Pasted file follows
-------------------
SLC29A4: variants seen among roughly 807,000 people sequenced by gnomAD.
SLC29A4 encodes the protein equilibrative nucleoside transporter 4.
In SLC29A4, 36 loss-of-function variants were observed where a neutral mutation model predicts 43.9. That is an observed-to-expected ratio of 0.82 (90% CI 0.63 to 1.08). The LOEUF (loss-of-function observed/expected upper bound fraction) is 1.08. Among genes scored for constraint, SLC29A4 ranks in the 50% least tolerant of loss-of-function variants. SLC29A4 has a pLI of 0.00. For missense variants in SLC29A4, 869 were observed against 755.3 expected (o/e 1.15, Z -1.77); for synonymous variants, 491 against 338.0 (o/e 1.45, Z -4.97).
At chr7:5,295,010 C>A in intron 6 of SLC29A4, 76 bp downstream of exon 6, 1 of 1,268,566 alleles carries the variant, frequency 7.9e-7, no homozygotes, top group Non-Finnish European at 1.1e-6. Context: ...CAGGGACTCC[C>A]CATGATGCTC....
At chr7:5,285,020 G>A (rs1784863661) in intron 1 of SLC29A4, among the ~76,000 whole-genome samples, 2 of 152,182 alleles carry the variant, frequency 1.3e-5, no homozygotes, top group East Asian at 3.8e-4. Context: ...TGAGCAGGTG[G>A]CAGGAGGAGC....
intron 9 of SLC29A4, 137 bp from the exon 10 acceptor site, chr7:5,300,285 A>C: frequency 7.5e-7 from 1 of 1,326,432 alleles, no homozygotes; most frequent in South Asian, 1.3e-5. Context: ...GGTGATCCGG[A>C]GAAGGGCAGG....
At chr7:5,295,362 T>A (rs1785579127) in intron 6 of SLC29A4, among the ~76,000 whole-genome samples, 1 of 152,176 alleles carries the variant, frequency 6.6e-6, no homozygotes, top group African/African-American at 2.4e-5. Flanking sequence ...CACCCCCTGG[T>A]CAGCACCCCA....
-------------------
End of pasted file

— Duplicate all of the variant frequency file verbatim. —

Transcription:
SLC29A4: variants seen among roughly 807,000 people sequenced by gnomAD.
SLC29A4 encodes the protein equilibrative nucleoside transporter 4.
In SLC29A4, 36 loss-of-function variants were observed where a neutral mutation model predicts 43.9. That is an observed-to-expected ratio of 0.82 (90% CI 0.63 to 1.08). The LOEUF (loss-of-function observed/expected upper bound fraction) is 1.08. Among genes scored for constraint, SLC29A4 ranks in the 50% least tolerant of loss-of-function variants. SLC29A4 has a pLI of 0.00. For missense variants in SLC29A4, 869 were observed against 755.3 expected (o/e 1.15, Z -1.77); for synonymous variants, 491 against 338.0 (o/e 1.45, Z -4.97).
At chr7:5,295,010 C>A in intron 6 of SLC29A4, 76 bp downstream of exon 6, 1 of 1,268,566 alleles carries the variant, frequency 7.9e-7, no homozygotes, top group Non-Finnish European at 1.1e-6. Context: ...CAGGGACTCC[C>A]CATGATGCTC....
At chr7:5,285,020 G>A (rs1784863661) in intron 1 of SLC29A4, among the ~76,000 whole-genome samples, 2 of 152,182 alleles carry the variant, frequency 1.3e-5, no homozygotes, top group East Asian at 3.8e-4. Context: ...TGAGCAGGTG[G>A]CAGGAGGAGC....
intron 9 of SLC29A4, 137 bp from the exon 10 acceptor site, chr7:5,300,285 A>C: frequency 7.5e-7 from 1 of 1,326,432 alleles, no homozygotes; most frequent in South Asian, 1.3e-5. Context: ...GGTGATCCGG[A>C]GAAGGGCAGG....
At chr7:5,295,362 T>A (rs1785579127) in intron 6 of SLC29A4, among the ~76,000 whole-genome samples, 1 of 152,176 alleles carries the variant, frequency 6.6e-6, no homozygotes, top group African/African-American at 2.4e-5. Flanking sequence ...CACCCCCTGG[T>A]CAGCACCCCA....